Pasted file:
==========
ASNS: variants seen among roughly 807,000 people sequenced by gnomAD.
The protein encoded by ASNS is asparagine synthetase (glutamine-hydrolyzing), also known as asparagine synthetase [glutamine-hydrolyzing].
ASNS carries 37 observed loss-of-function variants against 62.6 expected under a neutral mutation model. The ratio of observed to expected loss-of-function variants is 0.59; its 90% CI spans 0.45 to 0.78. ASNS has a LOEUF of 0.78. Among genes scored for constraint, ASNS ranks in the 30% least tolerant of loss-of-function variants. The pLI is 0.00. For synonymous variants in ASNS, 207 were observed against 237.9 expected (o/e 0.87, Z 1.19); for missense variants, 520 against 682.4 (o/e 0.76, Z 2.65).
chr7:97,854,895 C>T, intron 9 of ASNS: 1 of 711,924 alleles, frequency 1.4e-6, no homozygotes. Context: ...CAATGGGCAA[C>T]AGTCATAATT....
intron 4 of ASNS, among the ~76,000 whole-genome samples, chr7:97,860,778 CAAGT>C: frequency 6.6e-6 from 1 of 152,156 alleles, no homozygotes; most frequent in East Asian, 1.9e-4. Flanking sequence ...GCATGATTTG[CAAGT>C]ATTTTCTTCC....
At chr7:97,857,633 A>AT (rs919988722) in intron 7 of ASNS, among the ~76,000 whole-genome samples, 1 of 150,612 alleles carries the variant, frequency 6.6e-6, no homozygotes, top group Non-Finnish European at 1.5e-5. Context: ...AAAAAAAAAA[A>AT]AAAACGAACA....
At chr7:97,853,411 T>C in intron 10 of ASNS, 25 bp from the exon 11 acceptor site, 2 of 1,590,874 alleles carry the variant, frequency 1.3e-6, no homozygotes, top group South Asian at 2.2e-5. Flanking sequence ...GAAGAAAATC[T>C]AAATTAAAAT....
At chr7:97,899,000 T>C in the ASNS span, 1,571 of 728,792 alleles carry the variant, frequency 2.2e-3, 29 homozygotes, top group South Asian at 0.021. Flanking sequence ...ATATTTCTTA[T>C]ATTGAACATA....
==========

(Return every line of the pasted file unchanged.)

ASNS: variants seen among roughly 807,000 people sequenced by gnomAD.
The protein encoded by ASNS is asparagine synthetase (glutamine-hydrolyzing), also known as asparagine synthetase [glutamine-hydrolyzing].
ASNS carries 37 observed loss-of-function variants against 62.6 expected under a neutral mutation model. The ratio of observed to expected loss-of-function variants is 0.59; its 90% CI spans 0.45 to 0.78. ASNS has a LOEUF of 0.78. Among genes scored for constraint, ASNS ranks in the 30% least tolerant of loss-of-function variants. The pLI is 0.00. For synonymous variants in ASNS, 207 were observed against 237.9 expected (o/e 0.87, Z 1.19); for missense variants, 520 against 682.4 (o/e 0.76, Z 2.65).
chr7:97,854,895 C>T, intron 9 of ASNS: 1 of 711,924 alleles, frequency 1.4e-6, no homozygotes. Context: ...CAATGGGCAA[C>T]AGTCATAATT....
intron 4 of ASNS, among the ~76,000 whole-genome samples, chr7:97,860,778 CAAGT>C: frequency 6.6e-6 from 1 of 152,156 alleles, no homozygotes; most frequent in East Asian, 1.9e-4. Flanking sequence ...GCATGATTTG[CAAGT>C]ATTTTCTTCC....
At chr7:97,857,633 A>AT (rs919988722) in intron 7 of ASNS, among the ~76,000 whole-genome samples, 1 of 150,612 alleles carries the variant, frequency 6.6e-6, no homozygotes, top group Non-Finnish European at 1.5e-5. Context: ...AAAAAAAAAA[A>AT]AAAACGAACA....
At chr7:97,853,411 T>C in intron 10 of ASNS, 25 bp from the exon 11 acceptor site, 2 of 1,590,874 alleles carry the variant, frequency 1.3e-6, no homozygotes, top group South Asian at 2.2e-5. Flanking sequence ...GAAGAAAATC[T>C]AAATTAAAAT....
At chr7:97,899,000 T>C in the ASNS span, 1,571 of 728,792 alleles carry the variant, frequency 2.2e-3, 29 homozygotes, top group South Asian at 0.021. Flanking sequence ...ATATTTCTTA[T>C]ATTGAACATA....